At present, consumers use 80 million barrels a day (MBD) of petroleum (a barrel contains 42 U.S. gallons). Two thirds of this goes to transportation.
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MBD for transportation overall
MBD for land transport for people
MBD for air transport for people and freight en JOHN B. HEYWOOD is Sun Jae Professor of Mechanical Engineer-,- ing and director of the Sloan Automotive Lab at the Massachu-l— setts Institute of Technology. He was educated at the University <C ofCambridgeandatM.I.T.,wherehejoinedthefacultyin 1968. 1X1 He is author of the widely used textbook Internal Combustion i— I Engine Fundamentals (McGraw-Hill, 1988) and is a member of the National Academy of Engineering and the American Academy of Arts and Sciences.
We need to find ways to motivate buyers to use the potential for reducing fuel consumption and greenhouse gas emissions to actually save fuel and contain emissions.
In the near term, if vehicle weight and size can be reduced and if both buyers and manufacturers can step off the ever increasing horsepower/performance path, then in the developed world we may be able to slow the rate of petroleum demand, level it off in 15 to 20 years at about 20 percent above current demand, and start on a slow downward path. This projection may not seem nearly aggressive enough. It is, however, both challenging to achieve and very different from our current trajectory of steady growth in petroleum consumption at about 2 percent a year.
In the longer term, we have additional options. We could develop alternative fuels that would displace at least some petroleum. We could turn to new propulsion systems that use hydrogen or electricity. And we could go much further in designing and encouraging acceptance of smaller, lighter vehicles.
The alternative fuels option may be difficult to implement unless the alternatives are compatible with the existing distribution system. Also, our current fuels are liquids with a high-energy density: lower-density fuels will require larger fuel tanks or provide less range than today's roughly 400 miles. From this perspective, one alternative that stands out is non-conventional petroleum (oil or tar sands, heavy oil, oil shale, coal). Processing these sources to yield "oil," however, requires large amounts of other forms of energy, such as natural gas and electricity. Thus, the processes used emit substantial amounts of greenhouse gases and have other environmental impacts. Further, such processing calls for big capital invest ments. Nevertheless, despite the broader environmental consequences, nonconventional petroleum sources are already starting to be exploited; they are expected to provide some 10 percent of transportation fuels within the next 20 years.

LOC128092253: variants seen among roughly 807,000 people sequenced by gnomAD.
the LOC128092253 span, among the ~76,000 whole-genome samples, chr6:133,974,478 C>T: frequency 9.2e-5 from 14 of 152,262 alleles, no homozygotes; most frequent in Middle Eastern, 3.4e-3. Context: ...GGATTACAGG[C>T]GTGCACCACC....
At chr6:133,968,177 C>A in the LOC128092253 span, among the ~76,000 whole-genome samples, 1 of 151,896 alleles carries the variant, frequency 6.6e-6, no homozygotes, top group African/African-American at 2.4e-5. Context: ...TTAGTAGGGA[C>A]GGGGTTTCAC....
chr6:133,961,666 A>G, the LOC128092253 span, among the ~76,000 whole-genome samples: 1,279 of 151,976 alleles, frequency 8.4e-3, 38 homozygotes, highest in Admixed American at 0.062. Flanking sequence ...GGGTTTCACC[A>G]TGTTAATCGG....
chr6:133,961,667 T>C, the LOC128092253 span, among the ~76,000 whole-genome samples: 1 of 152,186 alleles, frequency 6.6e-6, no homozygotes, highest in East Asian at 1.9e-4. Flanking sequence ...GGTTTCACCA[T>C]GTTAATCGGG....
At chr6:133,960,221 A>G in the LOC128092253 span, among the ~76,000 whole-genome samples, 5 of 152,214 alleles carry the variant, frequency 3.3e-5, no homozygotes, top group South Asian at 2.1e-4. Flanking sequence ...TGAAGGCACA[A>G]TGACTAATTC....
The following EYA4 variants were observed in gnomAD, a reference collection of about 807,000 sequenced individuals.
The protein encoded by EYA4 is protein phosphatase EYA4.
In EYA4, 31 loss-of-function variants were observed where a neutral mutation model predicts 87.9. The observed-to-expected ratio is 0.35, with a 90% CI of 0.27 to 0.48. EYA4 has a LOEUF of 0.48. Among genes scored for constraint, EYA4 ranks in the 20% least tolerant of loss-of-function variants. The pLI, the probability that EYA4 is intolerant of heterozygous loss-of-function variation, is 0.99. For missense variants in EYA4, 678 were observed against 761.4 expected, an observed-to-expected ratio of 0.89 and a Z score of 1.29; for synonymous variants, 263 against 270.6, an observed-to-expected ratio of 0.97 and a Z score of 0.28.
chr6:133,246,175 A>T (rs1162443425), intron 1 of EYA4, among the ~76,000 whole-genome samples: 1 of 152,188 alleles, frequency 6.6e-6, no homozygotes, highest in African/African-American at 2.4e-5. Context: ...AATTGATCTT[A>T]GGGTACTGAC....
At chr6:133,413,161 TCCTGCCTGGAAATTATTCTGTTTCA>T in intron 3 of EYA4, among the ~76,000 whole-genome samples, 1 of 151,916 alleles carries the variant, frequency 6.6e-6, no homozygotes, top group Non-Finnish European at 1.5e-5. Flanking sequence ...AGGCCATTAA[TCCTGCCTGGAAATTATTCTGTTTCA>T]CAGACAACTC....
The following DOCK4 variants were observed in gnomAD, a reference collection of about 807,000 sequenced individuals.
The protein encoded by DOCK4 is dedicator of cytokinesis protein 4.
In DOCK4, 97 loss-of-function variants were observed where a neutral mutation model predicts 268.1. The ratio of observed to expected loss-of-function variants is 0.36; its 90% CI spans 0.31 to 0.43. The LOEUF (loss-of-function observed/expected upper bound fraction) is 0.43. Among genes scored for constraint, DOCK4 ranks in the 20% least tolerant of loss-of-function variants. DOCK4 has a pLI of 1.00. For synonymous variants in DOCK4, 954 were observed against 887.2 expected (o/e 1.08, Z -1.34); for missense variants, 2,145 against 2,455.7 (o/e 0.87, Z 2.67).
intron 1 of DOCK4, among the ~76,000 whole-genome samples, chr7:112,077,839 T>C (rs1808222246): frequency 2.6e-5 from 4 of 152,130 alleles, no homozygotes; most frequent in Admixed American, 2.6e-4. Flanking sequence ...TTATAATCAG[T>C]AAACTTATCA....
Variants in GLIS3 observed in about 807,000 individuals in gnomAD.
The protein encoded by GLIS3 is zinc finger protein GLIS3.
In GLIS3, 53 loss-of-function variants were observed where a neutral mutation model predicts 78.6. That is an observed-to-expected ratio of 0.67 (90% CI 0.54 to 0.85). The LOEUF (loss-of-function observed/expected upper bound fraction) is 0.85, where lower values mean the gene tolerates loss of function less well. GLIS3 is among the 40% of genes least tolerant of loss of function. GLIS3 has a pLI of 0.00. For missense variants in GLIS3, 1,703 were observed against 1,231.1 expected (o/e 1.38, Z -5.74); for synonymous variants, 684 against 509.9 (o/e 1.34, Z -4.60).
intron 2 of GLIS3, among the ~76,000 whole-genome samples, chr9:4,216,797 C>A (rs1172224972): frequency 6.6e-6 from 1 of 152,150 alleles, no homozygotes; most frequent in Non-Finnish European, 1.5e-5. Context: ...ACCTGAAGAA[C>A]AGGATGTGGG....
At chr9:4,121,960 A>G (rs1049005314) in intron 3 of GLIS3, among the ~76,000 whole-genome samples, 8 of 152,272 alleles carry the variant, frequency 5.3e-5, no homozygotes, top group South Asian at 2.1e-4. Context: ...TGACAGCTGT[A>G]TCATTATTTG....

Biomass-based fuels such as ethanol and biodiesel, which are often considered to emit less carbon dioxide per unit of energy, are also already being produced. In Brazil ethanol made from sugarcane constitutes some 40 percent of transport fuel. In the U.S. roughly 20 percent of the corn crop is being converted to ethanol. Much of this is blended with gasoline at the 10 percent level in so-called reformulated (cleaner-burning) gasolines. The recent U.S. national energy policy act plans to double ethanol production from the current 2 percent of transportation fuel by 2012. But the fertilizer, water, and natural gas and electricity currently expended in eth-anol production from corn will need to be substantially decreased. Production of ethanol from cellulosic biomass (residues and wastes from plants not generally used as a food source) promises to be more efficient and to lower greenhouse gas emissions. It is not yet a commercially viable process, although it may well become so. Biodiesel can be made from various crops (rapeseed, sunflower, soybean oils) and waste animal fats. The small amounts now being made are blended with standard diesel fuel.
It is likely that the use of biomass-based fuels will steadily grow. But given the uncertainty about the environmental impacts of large-scale conversion of biomass crops to fuel (on soil quality, water resources and overall greenhouse gas emissions), this source will contribute but is unlikely to dominate the future fuel supply anytime soon.
Use of natural gas in transportation varies around the world from less than 1 percent to 10 to 15 percent in a few countries where tax policies make it economical. In the 1990s natural gas made inroads into U.S. municipal bus fleets to achieve lower emissions; diesels with effective exhaust cleanup are now proving a cheaper option.
What about new propulsion system technology? Likely innovations would include significantly improved gasoline engines (using a turbocharger with direct fuel injection, for ex-
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